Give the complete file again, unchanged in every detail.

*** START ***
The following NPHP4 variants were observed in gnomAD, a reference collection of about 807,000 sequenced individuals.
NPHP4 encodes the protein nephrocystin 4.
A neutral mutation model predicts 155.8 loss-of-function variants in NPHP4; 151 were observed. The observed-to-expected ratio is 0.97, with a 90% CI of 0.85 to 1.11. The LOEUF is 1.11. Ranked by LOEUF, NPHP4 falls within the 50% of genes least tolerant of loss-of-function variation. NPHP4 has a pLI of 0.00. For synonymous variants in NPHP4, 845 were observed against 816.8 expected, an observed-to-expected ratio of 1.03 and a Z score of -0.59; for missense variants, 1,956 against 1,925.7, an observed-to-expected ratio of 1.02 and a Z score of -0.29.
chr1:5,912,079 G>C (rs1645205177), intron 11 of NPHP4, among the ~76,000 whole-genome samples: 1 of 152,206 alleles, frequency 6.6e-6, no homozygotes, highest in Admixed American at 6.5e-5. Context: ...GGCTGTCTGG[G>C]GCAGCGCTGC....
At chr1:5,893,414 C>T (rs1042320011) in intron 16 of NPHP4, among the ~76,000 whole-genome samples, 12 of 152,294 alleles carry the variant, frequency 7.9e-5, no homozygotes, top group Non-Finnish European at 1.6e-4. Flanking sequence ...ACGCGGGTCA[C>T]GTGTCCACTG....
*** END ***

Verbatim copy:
The following NPHP4 variants were observed in gnomAD, a reference collection of about 807,000 sequenced individuals.
NPHP4 encodes the protein nephrocystin 4.
A neutral mutation model predicts 155.8 loss-of-function variants in NPHP4; 151 were observed. The observed-to-expected ratio is 0.97, with a 90% CI of 0.85 to 1.11. The LOEUF is 1.11. Ranked by LOEUF, NPHP4 falls within the 50% of genes least tolerant of loss-of-function variation. NPHP4 has a pLI of 0.00. For synonymous variants in NPHP4, 845 were observed against 816.8 expected, an observed-to-expected ratio of 1.03 and a Z score of -0.59; for missense variants, 1,956 against 1,925.7, an observed-to-expected ratio of 1.02 and a Z score of -0.29.
chr1:5,912,079 G>C (rs1645205177), intron 11 of NPHP4, among the ~76,000 whole-genome samples: 1 of 152,206 alleles, frequency 6.6e-6, no homozygotes, highest in Admixed American at 6.5e-5. Context: ...GGCTGTCTGG[G>C]GCAGCGCTGC....
At chr1:5,893,414 C>T (rs1042320011) in intron 16 of NPHP4, among the ~76,000 whole-genome samples, 12 of 152,294 alleles carry the variant, frequency 7.9e-5, no homozygotes, top group Non-Finnish European at 1.6e-4. Flanking sequence ...ACGCGGGTCA[C>T]GTGTCCACTG....